The optimal approach for management of patients with dyspepsia has not been determined.
Dr Dorte Ejg Jarbol and colleagues from Denmark compared the efficacy of the management of dyspepsia.
The team assessed empirical antisecretory therapy, testing for Helicobacter pylori, or a combination of the strategies.
The research team observed cluster-randomized trial in general practices.
Initial treatment with proton pump inhibitor (PPI) was performed in 222 patients.
| The mean use of endoscopies per patient after 1 year was higher in the PPI group|
|American Journal of Gastroenterology|
H pylori test-and-eradication was undertaken in 250 patients.
Proton pump inhibitors followed by H pylori-testing if symptoms improved were given to 250 patients.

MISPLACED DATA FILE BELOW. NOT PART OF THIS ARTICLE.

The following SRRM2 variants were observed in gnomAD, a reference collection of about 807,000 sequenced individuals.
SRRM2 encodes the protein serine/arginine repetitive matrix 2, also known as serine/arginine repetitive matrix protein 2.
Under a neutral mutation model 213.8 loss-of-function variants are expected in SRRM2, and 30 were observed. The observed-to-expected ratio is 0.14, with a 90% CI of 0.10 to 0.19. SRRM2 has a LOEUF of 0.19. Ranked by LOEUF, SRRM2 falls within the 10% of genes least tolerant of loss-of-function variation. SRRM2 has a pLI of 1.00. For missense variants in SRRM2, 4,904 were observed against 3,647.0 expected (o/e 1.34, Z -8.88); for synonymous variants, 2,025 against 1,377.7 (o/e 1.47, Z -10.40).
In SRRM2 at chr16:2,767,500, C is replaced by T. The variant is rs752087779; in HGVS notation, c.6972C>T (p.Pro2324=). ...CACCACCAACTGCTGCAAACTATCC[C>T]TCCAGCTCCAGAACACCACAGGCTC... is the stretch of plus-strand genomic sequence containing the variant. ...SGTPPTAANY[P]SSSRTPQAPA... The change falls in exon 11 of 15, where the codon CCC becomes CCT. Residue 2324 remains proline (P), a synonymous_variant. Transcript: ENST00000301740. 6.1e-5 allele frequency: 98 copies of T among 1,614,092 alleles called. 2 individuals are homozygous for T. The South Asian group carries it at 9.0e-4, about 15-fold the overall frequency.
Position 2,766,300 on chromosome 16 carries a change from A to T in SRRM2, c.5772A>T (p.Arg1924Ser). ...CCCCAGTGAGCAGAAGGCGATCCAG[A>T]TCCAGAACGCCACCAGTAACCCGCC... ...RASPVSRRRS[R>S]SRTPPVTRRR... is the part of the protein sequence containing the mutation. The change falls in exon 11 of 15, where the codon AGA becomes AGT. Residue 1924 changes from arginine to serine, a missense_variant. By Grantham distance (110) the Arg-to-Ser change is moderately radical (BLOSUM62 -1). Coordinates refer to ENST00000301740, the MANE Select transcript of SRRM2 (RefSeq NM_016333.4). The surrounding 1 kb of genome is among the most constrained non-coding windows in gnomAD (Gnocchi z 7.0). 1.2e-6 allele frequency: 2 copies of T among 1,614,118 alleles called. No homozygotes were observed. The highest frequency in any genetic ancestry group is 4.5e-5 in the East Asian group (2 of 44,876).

Symptoms, quality of life, patient satisfaction, and use of resources were recorded during a 1-year follow-up.
The researchers found that the prevalence of H pylori infection was 24%.
The team found no difference among the 3 strategies in terms of the proportion of days without dyspeptic symptoms.
After 1 year, gastrointestinal symptom scores and quality-of-life scores had improved significantly and equally in the 3 groups.
The researchers observed no statistically significant differences among the groups.
The mean use of endoscopies per patient after 1 year was higher in the proton pump inhibitor group than in the other 2 groups.
H pylori-positive patients given eradication therapy had more days without dyspeptic symptoms.
The team noted that patients given the eradication therapy used less antisecretory therapy, and were more satisfied than H pylori-negative patients.
Dr Jarbol's team concluded, “The strategies based on H pylori test enjoyed similar symptom resolution.”